Still, it is a blatant dumbing down of an entire state population. Texas is a laughingstock. And it will only make it more difficult for any child educated in Texas to get a job outside the state. The minute an employer sees K-12 Texas public education they know what they're dealing with.

  4. Leland3:16 AM

    I'm sorry, miaiuppa, but Texas is NOT the only state who will use those books. For years now, the books Texas has are those other states will use. Since the books are printed in such large numbers, they are cheaper and a lot of the states can't really afford to require alterations.

    In the past, however, the religious screams coming from Texas weren't as strident or outlandish as they are now. MAYBE that will make changes for other states, but I won't hold my breath until it happens.

    1. That isn't how it works. Sorry, but the states can choose a regular edition, Texas edition, California edition. There may be another edition customized for a different state.

      But they are under no obligation to choose the Texas editions nor are they cheaper.

      All the editions will be of equal price. If anything the customized state editions may cost more.

      The reason Texas and California can request and get customized editions for the same price as the regular editions is because yes, they buy in such bulk. But that doesn't make them cheaper. Nor does it obligate any other state to choose the Texas edition unless they want it. They can just as easily order the California edition or the plain basic edition for the same money.

      Would you like to know more about the process of developing state adopted textbooks?

      It takes about 10 years from start to adoption. Surprising since most books are "plagarized" I mean, "researched" from previous editions. All those names of "authors"? They might have done some editing or made some contributions in bits and pieces but mostly the companies write them. So all those names may be from previous editions from which they've pulled their bits and pieces. These authors are not necessarily educators.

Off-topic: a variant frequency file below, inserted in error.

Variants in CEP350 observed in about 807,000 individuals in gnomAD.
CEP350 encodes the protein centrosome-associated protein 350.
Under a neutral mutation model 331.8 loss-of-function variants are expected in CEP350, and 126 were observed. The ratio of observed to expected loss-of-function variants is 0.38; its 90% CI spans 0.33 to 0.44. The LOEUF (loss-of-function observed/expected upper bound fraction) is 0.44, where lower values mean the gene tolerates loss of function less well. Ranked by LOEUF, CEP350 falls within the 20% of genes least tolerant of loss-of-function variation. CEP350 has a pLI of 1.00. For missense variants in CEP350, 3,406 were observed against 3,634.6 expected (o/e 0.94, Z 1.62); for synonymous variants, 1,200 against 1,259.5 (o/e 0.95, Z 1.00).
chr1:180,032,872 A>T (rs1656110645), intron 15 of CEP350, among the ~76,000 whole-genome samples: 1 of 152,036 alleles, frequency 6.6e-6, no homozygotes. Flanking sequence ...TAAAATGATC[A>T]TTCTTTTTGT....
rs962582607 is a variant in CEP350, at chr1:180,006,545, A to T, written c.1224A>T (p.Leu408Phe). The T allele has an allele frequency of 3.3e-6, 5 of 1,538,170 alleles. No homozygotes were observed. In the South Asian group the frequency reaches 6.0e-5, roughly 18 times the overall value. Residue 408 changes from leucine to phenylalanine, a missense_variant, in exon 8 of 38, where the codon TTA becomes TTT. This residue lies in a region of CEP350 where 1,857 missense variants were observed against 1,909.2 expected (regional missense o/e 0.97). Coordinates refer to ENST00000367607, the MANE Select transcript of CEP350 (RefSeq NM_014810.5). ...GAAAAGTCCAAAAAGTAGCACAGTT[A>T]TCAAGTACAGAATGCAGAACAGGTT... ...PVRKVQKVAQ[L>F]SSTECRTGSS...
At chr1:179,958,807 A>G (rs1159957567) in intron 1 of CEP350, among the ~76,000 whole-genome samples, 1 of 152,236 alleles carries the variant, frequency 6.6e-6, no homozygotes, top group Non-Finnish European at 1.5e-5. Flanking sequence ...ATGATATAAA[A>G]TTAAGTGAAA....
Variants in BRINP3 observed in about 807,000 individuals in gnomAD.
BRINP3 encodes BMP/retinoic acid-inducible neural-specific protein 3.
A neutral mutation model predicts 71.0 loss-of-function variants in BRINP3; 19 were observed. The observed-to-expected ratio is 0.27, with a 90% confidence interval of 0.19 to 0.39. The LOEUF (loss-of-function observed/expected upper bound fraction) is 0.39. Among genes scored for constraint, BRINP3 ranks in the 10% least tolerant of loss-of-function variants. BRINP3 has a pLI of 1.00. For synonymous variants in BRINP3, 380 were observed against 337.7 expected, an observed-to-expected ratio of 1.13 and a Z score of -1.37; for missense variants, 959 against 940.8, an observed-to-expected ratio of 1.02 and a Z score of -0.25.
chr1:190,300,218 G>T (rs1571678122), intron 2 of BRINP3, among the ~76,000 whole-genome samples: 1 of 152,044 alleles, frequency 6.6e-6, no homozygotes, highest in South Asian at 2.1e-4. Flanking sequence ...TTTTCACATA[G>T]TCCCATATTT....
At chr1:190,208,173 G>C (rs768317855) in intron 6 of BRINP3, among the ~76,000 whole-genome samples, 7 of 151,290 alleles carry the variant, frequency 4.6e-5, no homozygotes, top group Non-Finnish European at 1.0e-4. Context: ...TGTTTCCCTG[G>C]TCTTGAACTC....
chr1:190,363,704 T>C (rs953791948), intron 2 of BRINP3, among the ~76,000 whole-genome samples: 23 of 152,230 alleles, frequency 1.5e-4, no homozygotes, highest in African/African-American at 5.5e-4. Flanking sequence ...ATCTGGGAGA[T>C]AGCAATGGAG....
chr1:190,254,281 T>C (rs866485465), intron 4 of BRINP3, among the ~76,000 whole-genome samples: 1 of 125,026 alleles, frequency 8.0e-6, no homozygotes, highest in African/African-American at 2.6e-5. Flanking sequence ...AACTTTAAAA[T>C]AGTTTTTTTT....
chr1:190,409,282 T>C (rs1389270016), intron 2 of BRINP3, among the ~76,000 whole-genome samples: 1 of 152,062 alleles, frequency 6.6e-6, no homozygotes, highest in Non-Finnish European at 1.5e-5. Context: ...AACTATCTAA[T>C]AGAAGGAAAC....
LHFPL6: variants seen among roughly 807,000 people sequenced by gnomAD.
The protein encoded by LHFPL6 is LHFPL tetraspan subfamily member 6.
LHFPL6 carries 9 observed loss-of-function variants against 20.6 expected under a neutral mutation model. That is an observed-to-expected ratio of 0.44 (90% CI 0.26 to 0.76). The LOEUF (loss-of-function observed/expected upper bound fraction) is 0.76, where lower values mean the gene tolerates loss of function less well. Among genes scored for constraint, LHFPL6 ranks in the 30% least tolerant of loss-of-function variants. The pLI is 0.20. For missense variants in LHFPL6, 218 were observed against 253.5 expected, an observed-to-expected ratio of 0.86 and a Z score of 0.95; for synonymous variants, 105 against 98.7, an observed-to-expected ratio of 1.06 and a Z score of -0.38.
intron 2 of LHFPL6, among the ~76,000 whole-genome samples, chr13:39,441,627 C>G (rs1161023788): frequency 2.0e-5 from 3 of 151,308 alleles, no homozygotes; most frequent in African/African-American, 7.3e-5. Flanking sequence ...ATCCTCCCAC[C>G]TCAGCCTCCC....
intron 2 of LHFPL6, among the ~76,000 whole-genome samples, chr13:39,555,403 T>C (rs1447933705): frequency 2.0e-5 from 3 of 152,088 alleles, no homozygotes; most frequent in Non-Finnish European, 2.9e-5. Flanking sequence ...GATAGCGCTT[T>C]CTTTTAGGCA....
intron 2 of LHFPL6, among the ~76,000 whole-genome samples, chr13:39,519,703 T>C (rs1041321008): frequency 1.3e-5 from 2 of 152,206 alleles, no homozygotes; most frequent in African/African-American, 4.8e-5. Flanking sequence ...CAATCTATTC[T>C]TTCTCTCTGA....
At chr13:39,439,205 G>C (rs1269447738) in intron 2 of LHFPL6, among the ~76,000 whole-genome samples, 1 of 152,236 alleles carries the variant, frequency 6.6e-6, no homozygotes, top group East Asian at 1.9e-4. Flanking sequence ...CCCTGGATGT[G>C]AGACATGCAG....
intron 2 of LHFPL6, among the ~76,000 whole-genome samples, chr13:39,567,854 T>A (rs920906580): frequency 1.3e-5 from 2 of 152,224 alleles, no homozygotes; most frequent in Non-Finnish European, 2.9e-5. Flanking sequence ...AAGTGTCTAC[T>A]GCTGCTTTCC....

There are only about three major companies that provide textbooks; Pearson, McGraw-Hill and Houghton-Mifflin Harcourt. Pearson is really big into the standardized testing. They sell the tests, then they make money scoring the tests.

      They provide the standardized tests (based on their own textbooks of course) for the states and NCLB/RttT testing.

      They provide lesson plans, workbooks, tutorials and remedials when students don't score high enough.

      It's pretty much a for profit monopoly. Educorporations. There is big money in it. Huge.

      By the time a textbook is approved for adoption it is already 10 years out of date.

      e-textbooks you ask? The difficulty with them is they would be approved in the same manner as print. I.E. you can't be constantly updating them with more current information because the entire adoption approval process would have to start all over again with the new updated "version".

      And it really doesn't cost that much to print a book. The cost of textbooks (anywhere from $45 - $175+) is for paying for copyright/royalty permission. The "authors" don't get much. It doesn't cost that much to print. It's the intellectual property that costs so much.

      Any other questions?